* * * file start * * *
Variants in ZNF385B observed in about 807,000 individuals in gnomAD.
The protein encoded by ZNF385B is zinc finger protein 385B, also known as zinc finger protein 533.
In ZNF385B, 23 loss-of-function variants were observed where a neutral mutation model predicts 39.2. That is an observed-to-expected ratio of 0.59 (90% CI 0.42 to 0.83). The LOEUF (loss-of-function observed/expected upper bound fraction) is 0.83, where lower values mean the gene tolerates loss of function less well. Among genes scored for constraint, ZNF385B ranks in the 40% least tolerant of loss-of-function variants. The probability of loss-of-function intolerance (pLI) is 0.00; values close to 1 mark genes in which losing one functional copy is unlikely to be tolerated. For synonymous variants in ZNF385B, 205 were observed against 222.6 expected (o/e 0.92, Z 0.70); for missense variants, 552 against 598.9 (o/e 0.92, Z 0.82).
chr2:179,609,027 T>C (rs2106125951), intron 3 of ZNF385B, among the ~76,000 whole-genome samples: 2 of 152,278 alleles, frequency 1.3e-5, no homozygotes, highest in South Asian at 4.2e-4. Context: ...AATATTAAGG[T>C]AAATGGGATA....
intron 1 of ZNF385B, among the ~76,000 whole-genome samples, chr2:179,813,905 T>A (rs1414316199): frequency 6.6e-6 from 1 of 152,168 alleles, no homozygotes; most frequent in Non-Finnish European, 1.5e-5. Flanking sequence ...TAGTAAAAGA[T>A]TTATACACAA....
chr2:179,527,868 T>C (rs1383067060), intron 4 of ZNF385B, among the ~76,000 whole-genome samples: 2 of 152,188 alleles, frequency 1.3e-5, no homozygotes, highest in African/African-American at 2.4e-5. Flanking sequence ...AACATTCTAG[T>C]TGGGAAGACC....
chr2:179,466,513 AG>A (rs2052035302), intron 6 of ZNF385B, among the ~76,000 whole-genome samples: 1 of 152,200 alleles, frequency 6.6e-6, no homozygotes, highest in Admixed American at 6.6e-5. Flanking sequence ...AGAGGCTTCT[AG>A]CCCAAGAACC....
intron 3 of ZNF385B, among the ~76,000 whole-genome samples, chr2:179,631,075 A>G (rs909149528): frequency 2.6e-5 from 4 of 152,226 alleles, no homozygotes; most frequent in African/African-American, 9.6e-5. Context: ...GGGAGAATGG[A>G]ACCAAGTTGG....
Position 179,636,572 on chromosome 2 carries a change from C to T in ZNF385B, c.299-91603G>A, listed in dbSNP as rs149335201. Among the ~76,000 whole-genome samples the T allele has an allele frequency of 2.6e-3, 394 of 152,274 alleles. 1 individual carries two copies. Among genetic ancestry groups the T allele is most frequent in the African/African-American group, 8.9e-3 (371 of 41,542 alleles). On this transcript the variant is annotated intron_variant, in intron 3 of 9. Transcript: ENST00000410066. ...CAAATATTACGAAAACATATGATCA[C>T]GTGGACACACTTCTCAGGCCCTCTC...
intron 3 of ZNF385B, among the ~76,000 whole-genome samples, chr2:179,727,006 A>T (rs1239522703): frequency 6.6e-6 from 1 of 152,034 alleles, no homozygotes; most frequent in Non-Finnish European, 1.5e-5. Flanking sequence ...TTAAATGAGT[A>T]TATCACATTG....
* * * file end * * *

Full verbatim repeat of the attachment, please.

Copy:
Variants in ZNF385B observed in about 807,000 individuals in gnomAD.
The protein encoded by ZNF385B is zinc finger protein 385B, also known as zinc finger protein 533.
In ZNF385B, 23 loss-of-function variants were observed where a neutral mutation model predicts 39.2. That is an observed-to-expected ratio of 0.59 (90% CI 0.42 to 0.83). The LOEUF (loss-of-function observed/expected upper bound fraction) is 0.83, where lower values mean the gene tolerates loss of function less well. Among genes scored for constraint, ZNF385B ranks in the 40% least tolerant of loss-of-function variants. The probability of loss-of-function intolerance (pLI) is 0.00; values close to 1 mark genes in which losing one functional copy is unlikely to be tolerated. For synonymous variants in ZNF385B, 205 were observed against 222.6 expected (o/e 0.92, Z 0.70); for missense variants, 552 against 598.9 (o/e 0.92, Z 0.82).
chr2:179,609,027 T>C (rs2106125951), intron 3 of ZNF385B, among the ~76,000 whole-genome samples: 2 of 152,278 alleles, frequency 1.3e-5, no homozygotes, highest in South Asian at 4.2e-4. Context: ...AATATTAAGG[T>C]AAATGGGATA....
intron 1 of ZNF385B, among the ~76,000 whole-genome samples, chr2:179,813,905 T>A (rs1414316199): frequency 6.6e-6 from 1 of 152,168 alleles, no homozygotes; most frequent in Non-Finnish European, 1.5e-5. Flanking sequence ...TAGTAAAAGA[T>A]TTATACACAA....
chr2:179,527,868 T>C (rs1383067060), intron 4 of ZNF385B, among the ~76,000 whole-genome samples: 2 of 152,188 alleles, frequency 1.3e-5, no homozygotes, highest in African/African-American at 2.4e-5. Flanking sequence ...AACATTCTAG[T>C]TGGGAAGACC....
chr2:179,466,513 AG>A (rs2052035302), intron 6 of ZNF385B, among the ~76,000 whole-genome samples: 1 of 152,200 alleles, frequency 6.6e-6, no homozygotes, highest in Admixed American at 6.6e-5. Flanking sequence ...AGAGGCTTCT[AG>A]CCCAAGAACC....
intron 3 of ZNF385B, among the ~76,000 whole-genome samples, chr2:179,631,075 A>G (rs909149528): frequency 2.6e-5 from 4 of 152,226 alleles, no homozygotes; most frequent in African/African-American, 9.6e-5. Context: ...GGGAGAATGG[A>G]ACCAAGTTGG....
Position 179,636,572 on chromosome 2 carries a change from C to T in ZNF385B, c.299-91603G>A, listed in dbSNP as rs149335201. Among the ~76,000 whole-genome samples the T allele has an allele frequency of 2.6e-3, 394 of 152,274 alleles. 1 individual carries two copies. Among genetic ancestry groups the T allele is most frequent in the African/African-American group, 8.9e-3 (371 of 41,542 alleles). On this transcript the variant is annotated intron_variant, in intron 3 of 9. Transcript: ENST00000410066. ...CAAATATTACGAAAACATATGATCA[C>T]GTGGACACACTTCTCAGGCCCTCTC...
intron 3 of ZNF385B, among the ~76,000 whole-genome samples, chr2:179,727,006 A>T (rs1239522703): frequency 6.6e-6 from 1 of 152,034 alleles, no homozygotes; most frequent in Non-Finnish European, 1.5e-5. Flanking sequence ...TTAAATGAGT[A>T]TATCACATTG....